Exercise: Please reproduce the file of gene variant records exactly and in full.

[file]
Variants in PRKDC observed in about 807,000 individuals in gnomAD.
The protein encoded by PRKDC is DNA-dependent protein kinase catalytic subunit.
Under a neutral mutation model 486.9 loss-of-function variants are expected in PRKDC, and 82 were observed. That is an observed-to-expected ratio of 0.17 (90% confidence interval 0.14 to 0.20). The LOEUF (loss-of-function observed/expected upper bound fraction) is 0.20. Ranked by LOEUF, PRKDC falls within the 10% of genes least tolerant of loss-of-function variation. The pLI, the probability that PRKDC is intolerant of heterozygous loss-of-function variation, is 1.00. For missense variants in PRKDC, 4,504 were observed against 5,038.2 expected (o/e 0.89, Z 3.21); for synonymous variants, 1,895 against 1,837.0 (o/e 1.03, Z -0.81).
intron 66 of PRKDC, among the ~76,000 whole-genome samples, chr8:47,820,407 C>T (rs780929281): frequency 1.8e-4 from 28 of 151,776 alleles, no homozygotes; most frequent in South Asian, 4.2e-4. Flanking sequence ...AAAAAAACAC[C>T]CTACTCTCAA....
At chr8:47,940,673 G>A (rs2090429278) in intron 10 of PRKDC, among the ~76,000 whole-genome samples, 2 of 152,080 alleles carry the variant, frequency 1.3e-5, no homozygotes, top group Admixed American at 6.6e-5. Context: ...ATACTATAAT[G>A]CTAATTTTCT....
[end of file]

Variants in PRKDC observed in about 807,000 individuals in gnomAD.
The protein encoded by PRKDC is DNA-dependent protein kinase catalytic subunit.
Under a neutral mutation model 486.9 loss-of-function variants are expected in PRKDC, and 82 were observed. That is an observed-to-expected ratio of 0.17 (90% confidence interval 0.14 to 0.20). The LOEUF (loss-of-function observed/expected upper bound fraction) is 0.20. Ranked by LOEUF, PRKDC falls within the 10% of genes least tolerant of loss-of-function variation. The pLI, the probability that PRKDC is intolerant of heterozygous loss-of-function variation, is 1.00. For missense variants in PRKDC, 4,504 were observed against 5,038.2 expected (o/e 0.89, Z 3.21); for synonymous variants, 1,895 against 1,837.0 (o/e 1.03, Z -0.81).
intron 66 of PRKDC, among the ~76,000 whole-genome samples, chr8:47,820,407 C>T (rs780929281): frequency 1.8e-4 from 28 of 151,776 alleles, no homozygotes; most frequent in South Asian, 4.2e-4. Flanking sequence ...AAAAAAACAC[C>T]CTACTCTCAA....
At chr8:47,940,673 G>A (rs2090429278) in intron 10 of PRKDC, among the ~76,000 whole-genome samples, 2 of 152,080 alleles carry the variant, frequency 1.3e-5, no homozygotes, top group Admixed American at 6.6e-5. Context: ...ATACTATAAT[G>A]CTAATTTTCT....